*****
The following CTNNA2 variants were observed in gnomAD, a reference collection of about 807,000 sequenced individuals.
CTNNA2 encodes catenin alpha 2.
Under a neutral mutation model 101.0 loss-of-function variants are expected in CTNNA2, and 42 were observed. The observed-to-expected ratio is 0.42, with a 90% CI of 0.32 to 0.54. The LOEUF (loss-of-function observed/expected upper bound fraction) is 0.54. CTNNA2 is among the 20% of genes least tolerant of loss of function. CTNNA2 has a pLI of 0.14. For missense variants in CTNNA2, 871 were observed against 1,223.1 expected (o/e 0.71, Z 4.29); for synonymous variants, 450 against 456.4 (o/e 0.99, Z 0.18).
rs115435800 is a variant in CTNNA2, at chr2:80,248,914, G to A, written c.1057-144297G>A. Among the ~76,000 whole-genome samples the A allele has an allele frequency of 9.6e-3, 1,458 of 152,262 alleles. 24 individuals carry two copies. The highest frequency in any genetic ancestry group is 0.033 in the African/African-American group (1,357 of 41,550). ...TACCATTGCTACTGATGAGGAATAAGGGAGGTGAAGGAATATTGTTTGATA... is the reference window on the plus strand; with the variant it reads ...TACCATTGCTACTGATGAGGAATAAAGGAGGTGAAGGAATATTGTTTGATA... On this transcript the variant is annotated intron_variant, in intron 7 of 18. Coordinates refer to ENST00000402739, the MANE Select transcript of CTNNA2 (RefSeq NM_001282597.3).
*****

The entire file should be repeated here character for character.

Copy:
The following CTNNA2 variants were observed in gnomAD, a reference collection of about 807,000 sequenced individuals.
CTNNA2 encodes catenin alpha 2.
Under a neutral mutation model 101.0 loss-of-function variants are expected in CTNNA2, and 42 were observed. The observed-to-expected ratio is 0.42, with a 90% CI of 0.32 to 0.54. The LOEUF (loss-of-function observed/expected upper bound fraction) is 0.54. CTNNA2 is among the 20% of genes least tolerant of loss of function. CTNNA2 has a pLI of 0.14. For missense variants in CTNNA2, 871 were observed against 1,223.1 expected (o/e 0.71, Z 4.29); for synonymous variants, 450 against 456.4 (o/e 0.99, Z 0.18).
rs115435800 is a variant in CTNNA2, at chr2:80,248,914, G to A, written c.1057-144297G>A. Among the ~76,000 whole-genome samples the A allele has an allele frequency of 9.6e-3, 1,458 of 152,262 alleles. 24 individuals carry two copies. The highest frequency in any genetic ancestry group is 0.033 in the African/African-American group (1,357 of 41,550). ...TACCATTGCTACTGATGAGGAATAAGGGAGGTGAAGGAATATTGTTTGATA... is the reference window on the plus strand; with the variant it reads ...TACCATTGCTACTGATGAGGAATAAAGGAGGTGAAGGAATATTGTTTGATA... On this transcript the variant is annotated intron_variant, in intron 7 of 18. Coordinates refer to ENST00000402739, the MANE Select transcript of CTNNA2 (RefSeq NM_001282597.3).